TOKYO -- Competition over fish stocks in East Asia is driving populations closer to collapse as efforts stall among Tokyo, Seoul and Beijing to manage those resources cooperatively, threatening depletion even farther afield.
"There's no reasoning with South Korea," an official at Japan's Fisheries Agency sighed recently. Fishers from both nations lost their right to use the other's exclusive economic zone in July 2016, after the two sides failed to renew an agreement to that effect. A fresh pact traditionally is in place by the end of June each year when the previous agreement expires, but negotiations have dragged on this time.
The agency blames the standoff on South Korea's failure to crack down on illegal fishing vessels, which frequently are seized for operating in Japan's EEZ without a permit. Of the six foreign vessels the regulator seized in 2016, five were South Korean.
According to the Fisheries Agency, Seoul claims these illegal vessels are so numerous because Japan's quota for a type of cutlass fish sought by South Korean anglers is too small to support those workers' livelihoods, prioritizing economic concerns over rules set to protect fishing stocks.
China puts further pressure on regional fish populations. Overfishing has largely exhausted stocks within that country's EEZ, leading to greater activity on the high seas, where in principle any nation is allowed to fish. Beijing subsidizes the cost of fuel needed to reach those far-off waters, encouraging high-seas fishing en masse of mackerel and saury species, for example.
As far as these public stocks are concerned, the system essentially operates as first come, first served. The bonito population "is in particularly dire straits," said Ayumu Katano, deputy general manager of marketing for seafood processor Maruha Nichiro.
Many countries fish bonito in the South Pacific, and the number of fishing vessels in the region has surged over the past 10 years, according to a company dealing in fishery products. But while total catch rises to meet climbing demand for canned fish, each vessel brings in less and less. Still, competition is intensifying as fishermen try to sell more than their ships' operating costs.
This feeding frenzy along the fish's path northward through the Pacific in turn has curbed bonito catch in Japan, where the fish serves as a cooking staple and a much-loved sign of late spring. Domestic catch fell 20% in 2015 from five years earlier, the Fisheries Agency said.
Japan itself is not innocent of overfishing, particularly for bluefin tuna. The Western & Central Pacific Fisheries Commission, whose jurisdiction includes waters around Japan, in 2014 capped fishing of bluefin weighing less than 30kg at half the average level from 2002 to 2004 for conservation purposes. Fishing of adult tuna was barred from exceeding the average level from those years. Japan restricted fishing off its shores in line with these policies, requiring fishermen to obtain approval for tuna and limiting catch by region and fishing method.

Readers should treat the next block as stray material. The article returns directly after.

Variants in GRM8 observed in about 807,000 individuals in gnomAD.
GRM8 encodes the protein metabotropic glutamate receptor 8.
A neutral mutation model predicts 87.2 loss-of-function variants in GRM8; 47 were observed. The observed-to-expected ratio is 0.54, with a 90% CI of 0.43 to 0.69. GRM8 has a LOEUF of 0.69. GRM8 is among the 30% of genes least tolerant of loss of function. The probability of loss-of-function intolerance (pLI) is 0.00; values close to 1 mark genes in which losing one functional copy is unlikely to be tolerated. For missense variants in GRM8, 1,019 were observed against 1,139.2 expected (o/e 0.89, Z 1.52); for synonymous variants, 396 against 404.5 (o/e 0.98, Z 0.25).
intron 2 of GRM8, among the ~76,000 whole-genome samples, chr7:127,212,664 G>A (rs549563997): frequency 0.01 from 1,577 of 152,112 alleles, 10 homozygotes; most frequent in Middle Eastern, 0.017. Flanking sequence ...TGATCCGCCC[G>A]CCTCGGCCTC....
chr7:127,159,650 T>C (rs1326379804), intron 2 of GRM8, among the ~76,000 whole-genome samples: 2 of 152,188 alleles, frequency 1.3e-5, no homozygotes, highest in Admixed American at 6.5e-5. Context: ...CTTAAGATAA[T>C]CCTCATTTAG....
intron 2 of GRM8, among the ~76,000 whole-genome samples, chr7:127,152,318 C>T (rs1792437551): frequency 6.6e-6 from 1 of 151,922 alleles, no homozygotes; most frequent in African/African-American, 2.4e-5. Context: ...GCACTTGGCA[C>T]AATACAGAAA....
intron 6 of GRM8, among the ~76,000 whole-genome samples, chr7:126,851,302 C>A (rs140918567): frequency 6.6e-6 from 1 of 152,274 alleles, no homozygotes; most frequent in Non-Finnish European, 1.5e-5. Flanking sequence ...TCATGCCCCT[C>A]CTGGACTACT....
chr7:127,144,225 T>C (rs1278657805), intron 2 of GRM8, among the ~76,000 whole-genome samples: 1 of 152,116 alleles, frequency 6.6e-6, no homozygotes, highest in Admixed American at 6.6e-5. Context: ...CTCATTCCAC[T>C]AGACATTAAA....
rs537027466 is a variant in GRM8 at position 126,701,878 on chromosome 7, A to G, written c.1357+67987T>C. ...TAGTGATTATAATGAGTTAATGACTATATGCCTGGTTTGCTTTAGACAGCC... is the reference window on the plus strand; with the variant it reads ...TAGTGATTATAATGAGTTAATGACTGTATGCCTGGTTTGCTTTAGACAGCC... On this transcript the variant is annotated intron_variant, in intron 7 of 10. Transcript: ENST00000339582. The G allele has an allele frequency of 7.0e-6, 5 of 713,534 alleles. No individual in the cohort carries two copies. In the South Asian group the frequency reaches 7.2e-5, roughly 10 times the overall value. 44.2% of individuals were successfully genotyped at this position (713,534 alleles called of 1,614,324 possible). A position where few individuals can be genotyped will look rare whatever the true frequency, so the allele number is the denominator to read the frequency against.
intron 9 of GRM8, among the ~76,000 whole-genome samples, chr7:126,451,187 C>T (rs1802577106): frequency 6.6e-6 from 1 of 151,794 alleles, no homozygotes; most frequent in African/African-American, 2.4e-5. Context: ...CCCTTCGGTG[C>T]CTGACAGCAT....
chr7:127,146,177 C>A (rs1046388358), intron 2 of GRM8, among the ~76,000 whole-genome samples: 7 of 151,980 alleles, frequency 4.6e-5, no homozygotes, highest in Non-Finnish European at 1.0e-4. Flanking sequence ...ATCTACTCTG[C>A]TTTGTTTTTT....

But compliance remains spotty, with a number of violations uncovered since autumn. A Fisheries Agency study released in March found nine prefectures either failed to report or improperly reported nearly 120 tons of tuna catch over the course of a year. In three of those prefectures -- Nagasaki, Shizuoka and Wakayama -- nearly 14 tons of tuna were hauled in without proper permits.
Waters off the Nagasaki Prefecture island of Tsushima accounted for 90% of fishing that lacked permits, which many see as suggesting something more than simple mistakes. Agency officials worry these violations could discourage fishermen who take conservation rules seriously.
This disregard for proper resource management has tarnished Japan's reputation in the U.S. and Europe, where more weight has been put behind such efforts. "Japan is held up as an example of what not to do" there, Katano said.
Those countries have their own histories of overfishing. Norway saw herring stocks collapse starting in the 1960s. In the 1980s, the government reined in the country's fishing fleet and offered subsidies to fishermen, easing intense competition for herring. Though the industry protested, this top-down approach succeeded in restoring the herring population and keeping stock relatively stable.
Consumers and retailers worldwide also are driving a shift to sustainable fishing, either by refusing to buy unsustainably sourced seafood or steering clear of fish harvested via destructive methods when choosing what to stock. Policymakers and industry leaders must encourage this shift in mindset all along the supply chain.